The order in which we get hero, villain, and conflict is entirely optional, so this example starts with the villains and what they want—and what the villain wants tends to start every story off—then we meet the hero (a cynical cop) and the conflict is clear. Notice also that none of the characters have a name. Even agents and editors who specialize in science fiction and fantasy will trip over weird character names or start wondering if this is a character they should have heard of already. With only twenty-five to fifty words, you don’t have time for much if any worldbuilding. And notice, too, that I spent no time describing the category, genre, audience, etc. The fact that this is a science fiction novel for an adult audience will be in a separate part of the query letter, and anyway, “Genetically engineered androids come to Earth” kinda screams science fiction, doesn’t it?

With Bella Lucky and the Monsters of Methone starting off, at least, as a short 50,000 word straight-ahead sci-fi adventure story, I probably don’t need as many as fifty words, but let’s see what I can come up with. I’ll start by describing each of those three elements in the shortest possible way but in a way that’s still interesting. For instance, describing Deckard as “a cynical cop” hints at an additional layer of conflict as opposed to just “a cop.” Since I’ve thought through enough of the outline that I want a big part of Bella’s story to be about how she’s come to rely on luck and needs to get past that, let’s go with . . .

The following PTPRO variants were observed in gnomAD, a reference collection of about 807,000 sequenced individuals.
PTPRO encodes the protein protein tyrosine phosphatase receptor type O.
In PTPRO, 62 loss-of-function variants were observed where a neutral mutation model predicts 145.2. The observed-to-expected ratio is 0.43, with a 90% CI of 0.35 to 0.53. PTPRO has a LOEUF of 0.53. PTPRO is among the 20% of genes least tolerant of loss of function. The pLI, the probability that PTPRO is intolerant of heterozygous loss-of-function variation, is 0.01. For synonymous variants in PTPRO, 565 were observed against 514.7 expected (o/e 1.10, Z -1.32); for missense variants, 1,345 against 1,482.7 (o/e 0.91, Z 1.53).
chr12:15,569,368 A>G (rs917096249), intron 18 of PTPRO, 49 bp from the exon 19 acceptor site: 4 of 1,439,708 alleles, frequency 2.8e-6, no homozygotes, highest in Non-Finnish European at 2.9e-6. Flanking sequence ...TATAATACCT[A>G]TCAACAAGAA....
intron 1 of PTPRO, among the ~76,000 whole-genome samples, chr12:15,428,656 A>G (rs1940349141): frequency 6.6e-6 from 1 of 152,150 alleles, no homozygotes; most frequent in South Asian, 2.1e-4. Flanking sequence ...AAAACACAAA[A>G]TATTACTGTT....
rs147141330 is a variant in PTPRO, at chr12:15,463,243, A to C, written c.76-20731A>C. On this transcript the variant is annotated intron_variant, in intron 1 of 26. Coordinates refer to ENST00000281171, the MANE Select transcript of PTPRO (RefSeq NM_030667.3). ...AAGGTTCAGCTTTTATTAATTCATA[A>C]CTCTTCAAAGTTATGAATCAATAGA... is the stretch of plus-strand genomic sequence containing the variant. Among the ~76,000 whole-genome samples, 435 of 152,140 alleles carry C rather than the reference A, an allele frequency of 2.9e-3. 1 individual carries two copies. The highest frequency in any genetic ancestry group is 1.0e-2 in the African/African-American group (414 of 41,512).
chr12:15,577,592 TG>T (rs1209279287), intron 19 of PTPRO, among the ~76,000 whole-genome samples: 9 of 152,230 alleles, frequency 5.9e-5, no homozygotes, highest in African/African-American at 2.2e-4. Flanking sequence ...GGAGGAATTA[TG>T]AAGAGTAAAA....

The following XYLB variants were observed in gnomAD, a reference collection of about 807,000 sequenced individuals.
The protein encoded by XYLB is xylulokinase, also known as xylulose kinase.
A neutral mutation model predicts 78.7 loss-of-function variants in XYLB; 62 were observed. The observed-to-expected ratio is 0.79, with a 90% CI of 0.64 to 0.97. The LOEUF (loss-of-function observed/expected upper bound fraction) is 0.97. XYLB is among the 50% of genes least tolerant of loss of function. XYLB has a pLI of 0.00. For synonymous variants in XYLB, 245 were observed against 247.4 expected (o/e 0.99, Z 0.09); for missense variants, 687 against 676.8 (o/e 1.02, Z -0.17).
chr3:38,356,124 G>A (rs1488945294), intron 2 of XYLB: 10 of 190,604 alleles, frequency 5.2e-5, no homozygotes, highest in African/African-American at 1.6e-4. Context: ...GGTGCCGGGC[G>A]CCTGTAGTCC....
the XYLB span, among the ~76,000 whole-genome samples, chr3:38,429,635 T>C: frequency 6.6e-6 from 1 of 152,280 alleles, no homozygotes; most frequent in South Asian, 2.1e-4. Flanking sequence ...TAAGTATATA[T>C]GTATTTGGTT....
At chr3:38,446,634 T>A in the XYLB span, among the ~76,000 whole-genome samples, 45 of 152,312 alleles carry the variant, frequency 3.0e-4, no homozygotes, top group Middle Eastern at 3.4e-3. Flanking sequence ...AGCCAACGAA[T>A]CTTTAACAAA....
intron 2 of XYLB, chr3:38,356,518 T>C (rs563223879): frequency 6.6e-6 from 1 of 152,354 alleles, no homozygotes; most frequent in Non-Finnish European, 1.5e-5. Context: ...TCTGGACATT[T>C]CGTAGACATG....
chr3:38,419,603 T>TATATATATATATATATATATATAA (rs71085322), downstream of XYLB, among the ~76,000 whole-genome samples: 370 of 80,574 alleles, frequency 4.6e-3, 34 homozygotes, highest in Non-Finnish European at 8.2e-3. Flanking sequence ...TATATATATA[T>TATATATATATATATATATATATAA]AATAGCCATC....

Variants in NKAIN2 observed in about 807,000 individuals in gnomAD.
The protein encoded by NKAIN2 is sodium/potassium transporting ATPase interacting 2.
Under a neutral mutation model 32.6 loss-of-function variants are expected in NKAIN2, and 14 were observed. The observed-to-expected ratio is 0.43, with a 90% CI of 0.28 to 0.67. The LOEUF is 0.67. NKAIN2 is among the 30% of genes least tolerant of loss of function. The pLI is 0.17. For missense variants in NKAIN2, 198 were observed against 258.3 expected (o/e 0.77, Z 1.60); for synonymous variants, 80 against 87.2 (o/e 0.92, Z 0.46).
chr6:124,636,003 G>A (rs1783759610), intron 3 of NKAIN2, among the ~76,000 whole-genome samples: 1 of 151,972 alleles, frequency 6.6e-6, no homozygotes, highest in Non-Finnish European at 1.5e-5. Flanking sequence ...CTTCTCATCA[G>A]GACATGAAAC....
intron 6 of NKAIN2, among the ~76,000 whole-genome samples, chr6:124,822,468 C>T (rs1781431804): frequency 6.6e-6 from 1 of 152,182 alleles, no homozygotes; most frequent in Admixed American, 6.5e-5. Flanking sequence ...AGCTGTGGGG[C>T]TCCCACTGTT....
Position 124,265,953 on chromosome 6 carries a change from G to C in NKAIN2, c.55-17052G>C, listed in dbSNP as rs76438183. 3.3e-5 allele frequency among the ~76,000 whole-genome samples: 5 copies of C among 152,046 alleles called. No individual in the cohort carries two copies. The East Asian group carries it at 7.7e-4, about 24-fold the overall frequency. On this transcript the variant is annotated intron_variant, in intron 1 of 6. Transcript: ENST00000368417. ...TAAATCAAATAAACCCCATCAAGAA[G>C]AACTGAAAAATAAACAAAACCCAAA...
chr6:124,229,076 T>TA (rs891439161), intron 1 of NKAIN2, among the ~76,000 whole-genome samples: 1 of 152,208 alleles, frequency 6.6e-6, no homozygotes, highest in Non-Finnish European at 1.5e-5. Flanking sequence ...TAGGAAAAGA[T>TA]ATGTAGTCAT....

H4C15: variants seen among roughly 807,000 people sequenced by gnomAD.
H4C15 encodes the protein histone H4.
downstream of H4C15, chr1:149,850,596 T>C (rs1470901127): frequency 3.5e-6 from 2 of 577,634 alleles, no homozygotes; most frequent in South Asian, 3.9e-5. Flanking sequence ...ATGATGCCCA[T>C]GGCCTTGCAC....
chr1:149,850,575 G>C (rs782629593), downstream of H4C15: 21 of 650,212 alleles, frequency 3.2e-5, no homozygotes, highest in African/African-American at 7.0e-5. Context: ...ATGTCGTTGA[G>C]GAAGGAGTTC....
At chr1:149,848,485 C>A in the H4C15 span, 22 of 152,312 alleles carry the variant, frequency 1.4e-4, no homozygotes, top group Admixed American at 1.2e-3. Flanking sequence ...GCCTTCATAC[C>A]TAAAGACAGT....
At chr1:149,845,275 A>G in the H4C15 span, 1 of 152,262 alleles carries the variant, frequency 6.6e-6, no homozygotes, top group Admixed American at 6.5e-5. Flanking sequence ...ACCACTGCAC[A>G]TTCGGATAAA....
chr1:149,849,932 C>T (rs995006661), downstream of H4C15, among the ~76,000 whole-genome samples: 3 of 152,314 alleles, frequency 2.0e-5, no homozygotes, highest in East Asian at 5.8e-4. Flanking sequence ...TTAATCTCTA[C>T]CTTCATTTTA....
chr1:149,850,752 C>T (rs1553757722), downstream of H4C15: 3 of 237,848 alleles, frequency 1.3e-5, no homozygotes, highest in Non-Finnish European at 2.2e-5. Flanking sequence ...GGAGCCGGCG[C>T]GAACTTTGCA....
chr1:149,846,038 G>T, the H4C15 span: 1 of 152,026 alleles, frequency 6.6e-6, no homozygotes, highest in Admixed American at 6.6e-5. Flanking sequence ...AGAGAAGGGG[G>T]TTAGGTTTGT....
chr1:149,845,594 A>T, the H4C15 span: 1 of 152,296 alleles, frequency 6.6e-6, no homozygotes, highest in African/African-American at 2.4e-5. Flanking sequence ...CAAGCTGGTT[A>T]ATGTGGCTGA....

Hero: a police detective who’s come to rely too much on luck

The villain is a little less clear in my head. I know that Dr. Niu is reporting back to mysterious “bosses” as they explore the clandestine genetics laboratory and that she is working against Bella, but I haven’t really put a lot of thought into the why yet. I’m thinking that in this future genetic engineering is frowned upon and the sort of genetic engineering that leads to the creation of unique life forms (the monsters of Methone) is flat-out illegal. Since I’d introduced ubiquitous robots in the short story and robots in general have a connection with Bella through her fiancée, who works for the company that manufactures robots, I’m thinking that he gets wind of this clandestine laboratory, set up by a competitor, and is the one who blows the whistle. Bella is assigned to this hastily-assembled team to go to Methone and investigate, but this mysterious corporate competitor manages to get one of their people (Dr. Niu) on the team to engineer a cover-up. So Dr. Niu plans to be the sole survivor of the expedition, and after securing the relevant data, she needs to destroy the evidence.